Monday, September 10, 2012

art at the cottage

It's was Ruth's cottage.  She always called it "The Bay".  
We have made a few changes with the art here.  Pared some things away, added others.  Always with respect for for family heritage.  This photo by W.R. MacAskell was brought home from Halifax by Jay after one of his University work terms.
It's on the mantel, under the boat Ned bought to celebrate his 60th when we were in Normandy.
I purchased this photo by Jon Butler at the LaCloche art show to mark the year I was their distinguished artist. 
This photo of Janet Susie Ormsby, the family matriarch, has hung in the dining room for my entire memory of this place.    
April made that magnet we keep on her grandmother Ruth's propane fridge.  We have more art at the cottage, but this is enough for now.  Ned and I are beginning the close up.

Links:
You might like to visit Sandra Reford's blog as she is hanging TRADITION in TRANSITION over the next two days.  That is the exhibit of Canadian quilts that Sandra was was invited to curate for this year's Carrefour textile celebration in Alsace, France.  It opens on Thursday the 13th September.  (I have two pieces in it.)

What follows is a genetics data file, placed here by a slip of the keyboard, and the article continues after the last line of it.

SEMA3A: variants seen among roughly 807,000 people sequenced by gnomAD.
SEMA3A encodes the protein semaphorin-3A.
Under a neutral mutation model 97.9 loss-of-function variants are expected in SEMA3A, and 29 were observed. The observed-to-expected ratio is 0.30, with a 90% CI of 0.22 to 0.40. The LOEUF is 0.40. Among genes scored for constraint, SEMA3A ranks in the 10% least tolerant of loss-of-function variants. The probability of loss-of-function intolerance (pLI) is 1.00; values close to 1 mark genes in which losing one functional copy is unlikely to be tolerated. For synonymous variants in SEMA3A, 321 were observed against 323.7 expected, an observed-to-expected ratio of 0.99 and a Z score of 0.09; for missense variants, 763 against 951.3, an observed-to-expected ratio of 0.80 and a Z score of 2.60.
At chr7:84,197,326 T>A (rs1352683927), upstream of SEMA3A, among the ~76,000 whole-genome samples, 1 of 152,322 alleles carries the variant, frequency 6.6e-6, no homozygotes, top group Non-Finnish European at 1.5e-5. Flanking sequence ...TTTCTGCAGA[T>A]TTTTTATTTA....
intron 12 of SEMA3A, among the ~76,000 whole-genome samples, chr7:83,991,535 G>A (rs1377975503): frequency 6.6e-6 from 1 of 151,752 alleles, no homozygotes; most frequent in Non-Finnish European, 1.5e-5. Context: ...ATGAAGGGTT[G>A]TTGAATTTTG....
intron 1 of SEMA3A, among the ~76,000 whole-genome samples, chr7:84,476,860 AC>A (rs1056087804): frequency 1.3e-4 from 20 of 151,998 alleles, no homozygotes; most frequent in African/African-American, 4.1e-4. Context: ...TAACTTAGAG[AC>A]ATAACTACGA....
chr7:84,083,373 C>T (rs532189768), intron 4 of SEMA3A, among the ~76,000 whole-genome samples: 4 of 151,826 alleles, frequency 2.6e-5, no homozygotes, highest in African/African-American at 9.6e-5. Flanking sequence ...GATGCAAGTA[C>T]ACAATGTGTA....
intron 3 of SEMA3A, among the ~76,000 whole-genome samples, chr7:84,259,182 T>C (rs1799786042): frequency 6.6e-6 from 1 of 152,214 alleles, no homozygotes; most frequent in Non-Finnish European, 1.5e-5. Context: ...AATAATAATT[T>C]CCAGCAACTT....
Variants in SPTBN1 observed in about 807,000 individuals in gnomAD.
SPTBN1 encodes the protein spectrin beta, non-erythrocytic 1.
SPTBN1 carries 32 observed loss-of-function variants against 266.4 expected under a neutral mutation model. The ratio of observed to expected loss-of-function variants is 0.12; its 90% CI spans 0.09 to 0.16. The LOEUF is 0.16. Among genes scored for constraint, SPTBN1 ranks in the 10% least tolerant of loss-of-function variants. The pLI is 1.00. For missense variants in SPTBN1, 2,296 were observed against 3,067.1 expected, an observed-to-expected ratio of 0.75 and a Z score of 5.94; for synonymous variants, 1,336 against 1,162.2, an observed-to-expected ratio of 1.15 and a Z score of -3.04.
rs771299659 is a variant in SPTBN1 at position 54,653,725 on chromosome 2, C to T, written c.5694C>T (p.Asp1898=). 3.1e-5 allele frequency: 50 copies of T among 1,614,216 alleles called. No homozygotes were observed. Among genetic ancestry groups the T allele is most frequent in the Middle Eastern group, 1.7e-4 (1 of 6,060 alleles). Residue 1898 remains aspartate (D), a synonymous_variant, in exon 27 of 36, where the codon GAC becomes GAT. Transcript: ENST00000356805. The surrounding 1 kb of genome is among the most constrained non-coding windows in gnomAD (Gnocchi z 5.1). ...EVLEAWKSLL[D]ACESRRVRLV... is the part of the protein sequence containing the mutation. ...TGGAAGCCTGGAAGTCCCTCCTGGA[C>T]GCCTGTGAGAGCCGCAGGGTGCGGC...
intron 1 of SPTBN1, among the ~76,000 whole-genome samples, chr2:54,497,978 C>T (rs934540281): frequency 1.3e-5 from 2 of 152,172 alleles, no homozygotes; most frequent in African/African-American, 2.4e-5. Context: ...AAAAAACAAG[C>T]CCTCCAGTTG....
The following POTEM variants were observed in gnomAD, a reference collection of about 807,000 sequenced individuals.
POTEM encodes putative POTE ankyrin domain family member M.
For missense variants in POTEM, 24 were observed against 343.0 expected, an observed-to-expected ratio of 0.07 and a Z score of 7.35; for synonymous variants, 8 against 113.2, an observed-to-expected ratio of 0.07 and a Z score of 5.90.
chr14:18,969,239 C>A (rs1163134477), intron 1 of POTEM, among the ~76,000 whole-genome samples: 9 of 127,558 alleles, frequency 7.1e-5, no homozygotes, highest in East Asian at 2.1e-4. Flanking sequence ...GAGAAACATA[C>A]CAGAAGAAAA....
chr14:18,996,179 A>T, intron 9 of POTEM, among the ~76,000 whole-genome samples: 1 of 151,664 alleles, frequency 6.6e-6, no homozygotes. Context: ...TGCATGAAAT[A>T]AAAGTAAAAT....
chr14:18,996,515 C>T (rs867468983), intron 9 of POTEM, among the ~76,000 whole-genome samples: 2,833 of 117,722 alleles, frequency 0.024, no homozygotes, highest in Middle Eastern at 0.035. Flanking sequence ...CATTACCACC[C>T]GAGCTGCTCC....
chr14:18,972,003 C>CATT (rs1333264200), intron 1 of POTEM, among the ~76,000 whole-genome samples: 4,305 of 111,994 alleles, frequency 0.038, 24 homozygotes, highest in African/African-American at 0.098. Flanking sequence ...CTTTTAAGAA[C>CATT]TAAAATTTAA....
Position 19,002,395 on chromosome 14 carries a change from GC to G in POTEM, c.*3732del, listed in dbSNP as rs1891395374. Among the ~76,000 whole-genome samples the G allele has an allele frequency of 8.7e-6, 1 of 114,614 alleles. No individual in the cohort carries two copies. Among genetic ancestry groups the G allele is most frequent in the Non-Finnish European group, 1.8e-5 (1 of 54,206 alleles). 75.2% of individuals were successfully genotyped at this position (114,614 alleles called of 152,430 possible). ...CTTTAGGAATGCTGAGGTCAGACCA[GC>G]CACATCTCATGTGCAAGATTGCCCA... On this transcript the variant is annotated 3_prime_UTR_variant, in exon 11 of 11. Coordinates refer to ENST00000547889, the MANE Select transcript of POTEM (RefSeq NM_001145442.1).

Also, Finishing School, the new fibrequarterly magazine published by Joe Lewis is out and there is an article about us three Canadians who graduated from Middlesex University last summer with a degrees in Embroidered Textiles.

5 comments:

henrietta (aka ani aka zani) said...

feels like home judy...lovingly

mansuetude said...

Is this beautiful woman in the top image Ruth, or you. Love the Janet image stays in the house... how many generations of women through April till now. Till now.

A wonderful way to think about timw.

mansuetude said...

Time thinks it can disguise itself in that timw but we know its time. :)

Judy Martin said...

That is Ruth, Ned's mother.
She inherited this nearly 100 year old cottage from her grandmother, Janet Susie.

Hoola Tallulah said...

I like this. I wish more people respected their heritage just so. I used to work in house clerances, and it made me so sad. I remember being in one house being cleared after an elderley lady had died, and her grand daughter took a picture from the wall, looked at it wistfully, declaring it to have been there her whole life, then tossed it in the box for the garbage! Unbelievable. If I'm really honest, it made me cry a little.